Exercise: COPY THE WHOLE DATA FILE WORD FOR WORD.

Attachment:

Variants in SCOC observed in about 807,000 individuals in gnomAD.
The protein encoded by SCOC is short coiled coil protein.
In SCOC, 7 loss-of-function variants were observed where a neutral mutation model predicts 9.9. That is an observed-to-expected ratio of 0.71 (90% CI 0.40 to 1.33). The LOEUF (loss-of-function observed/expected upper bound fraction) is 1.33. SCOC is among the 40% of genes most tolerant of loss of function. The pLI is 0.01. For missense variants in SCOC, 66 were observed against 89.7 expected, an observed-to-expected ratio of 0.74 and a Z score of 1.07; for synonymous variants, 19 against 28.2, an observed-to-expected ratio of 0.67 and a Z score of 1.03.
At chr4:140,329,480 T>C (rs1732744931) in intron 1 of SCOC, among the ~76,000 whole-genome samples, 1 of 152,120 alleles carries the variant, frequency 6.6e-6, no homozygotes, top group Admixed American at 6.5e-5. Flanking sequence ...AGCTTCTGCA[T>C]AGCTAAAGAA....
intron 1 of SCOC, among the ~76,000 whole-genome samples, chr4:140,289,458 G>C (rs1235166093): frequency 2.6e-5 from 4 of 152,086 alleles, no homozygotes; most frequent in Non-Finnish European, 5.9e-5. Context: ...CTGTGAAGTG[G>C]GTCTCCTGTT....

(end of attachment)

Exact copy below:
Variants in SCOC observed in about 807,000 individuals in gnomAD.
The protein encoded by SCOC is short coiled coil protein.
In SCOC, 7 loss-of-function variants were observed where a neutral mutation model predicts 9.9. That is an observed-to-expected ratio of 0.71 (90% CI 0.40 to 1.33). The LOEUF (loss-of-function observed/expected upper bound fraction) is 1.33. SCOC is among the 40% of genes most tolerant of loss of function. The pLI is 0.01. For missense variants in SCOC, 66 were observed against 89.7 expected, an observed-to-expected ratio of 0.74 and a Z score of 1.07; for synonymous variants, 19 against 28.2, an observed-to-expected ratio of 0.67 and a Z score of 1.03.
At chr4:140,329,480 T>C (rs1732744931) in intron 1 of SCOC, among the ~76,000 whole-genome samples, 1 of 152,120 alleles carries the variant, frequency 6.6e-6, no homozygotes, top group Admixed American at 6.5e-5. Flanking sequence ...AGCTTCTGCA[T>C]AGCTAAAGAA....
intron 1 of SCOC, among the ~76,000 whole-genome samples, chr4:140,289,458 G>C (rs1235166093): frequency 2.6e-5 from 4 of 152,086 alleles, no homozygotes; most frequent in Non-Finnish European, 5.9e-5. Context: ...CTGTGAAGTG[G>C]GTCTCCTGTT....